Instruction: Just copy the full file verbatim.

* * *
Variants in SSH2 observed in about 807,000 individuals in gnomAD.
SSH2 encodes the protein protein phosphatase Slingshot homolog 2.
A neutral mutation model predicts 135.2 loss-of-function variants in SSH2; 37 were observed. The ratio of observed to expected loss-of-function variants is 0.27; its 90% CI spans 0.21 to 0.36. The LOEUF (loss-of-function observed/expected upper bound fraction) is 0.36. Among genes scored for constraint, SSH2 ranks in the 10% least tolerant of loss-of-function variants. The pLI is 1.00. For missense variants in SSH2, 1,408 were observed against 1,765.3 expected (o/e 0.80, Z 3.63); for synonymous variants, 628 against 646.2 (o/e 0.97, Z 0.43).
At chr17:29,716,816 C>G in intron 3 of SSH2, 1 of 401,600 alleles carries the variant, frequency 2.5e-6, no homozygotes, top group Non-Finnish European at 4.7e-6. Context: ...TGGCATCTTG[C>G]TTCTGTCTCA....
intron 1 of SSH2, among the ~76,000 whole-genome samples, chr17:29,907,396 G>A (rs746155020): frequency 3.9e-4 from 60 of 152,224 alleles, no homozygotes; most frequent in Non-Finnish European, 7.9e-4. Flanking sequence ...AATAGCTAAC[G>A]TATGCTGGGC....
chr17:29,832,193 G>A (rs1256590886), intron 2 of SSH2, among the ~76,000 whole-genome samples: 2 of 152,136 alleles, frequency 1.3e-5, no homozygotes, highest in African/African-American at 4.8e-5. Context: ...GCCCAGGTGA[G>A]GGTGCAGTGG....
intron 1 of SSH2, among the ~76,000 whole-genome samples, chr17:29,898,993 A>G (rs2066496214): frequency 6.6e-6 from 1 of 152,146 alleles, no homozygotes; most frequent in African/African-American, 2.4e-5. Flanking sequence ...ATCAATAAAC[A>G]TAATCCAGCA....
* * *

Variants in SSH2 observed in about 807,000 individuals in gnomAD.
SSH2 encodes the protein protein phosphatase Slingshot homolog 2.
A neutral mutation model predicts 135.2 loss-of-function variants in SSH2; 37 were observed. The ratio of observed to expected loss-of-function variants is 0.27; its 90% CI spans 0.21 to 0.36. The LOEUF (loss-of-function observed/expected upper bound fraction) is 0.36. Among genes scored for constraint, SSH2 ranks in the 10% least tolerant of loss-of-function variants. The pLI is 1.00. For missense variants in SSH2, 1,408 were observed against 1,765.3 expected (o/e 0.80, Z 3.63); for synonymous variants, 628 against 646.2 (o/e 0.97, Z 0.43).
At chr17:29,716,816 C>G in intron 3 of SSH2, 1 of 401,600 alleles carries the variant, frequency 2.5e-6, no homozygotes, top group Non-Finnish European at 4.7e-6. Context: ...TGGCATCTTG[C>G]TTCTGTCTCA....
intron 1 of SSH2, among the ~76,000 whole-genome samples, chr17:29,907,396 G>A (rs746155020): frequency 3.9e-4 from 60 of 152,224 alleles, no homozygotes; most frequent in Non-Finnish European, 7.9e-4. Flanking sequence ...AATAGCTAAC[G>A]TATGCTGGGC....
chr17:29,832,193 G>A (rs1256590886), intron 2 of SSH2, among the ~76,000 whole-genome samples: 2 of 152,136 alleles, frequency 1.3e-5, no homozygotes, highest in African/African-American at 4.8e-5. Context: ...GCCCAGGTGA[G>A]GGTGCAGTGG....
intron 1 of SSH2, among the ~76,000 whole-genome samples, chr17:29,898,993 A>G (rs2066496214): frequency 6.6e-6 from 1 of 152,146 alleles, no homozygotes; most frequent in African/African-American, 2.4e-5. Flanking sequence ...ATCAATAAAC[A>G]TAATCCAGCA....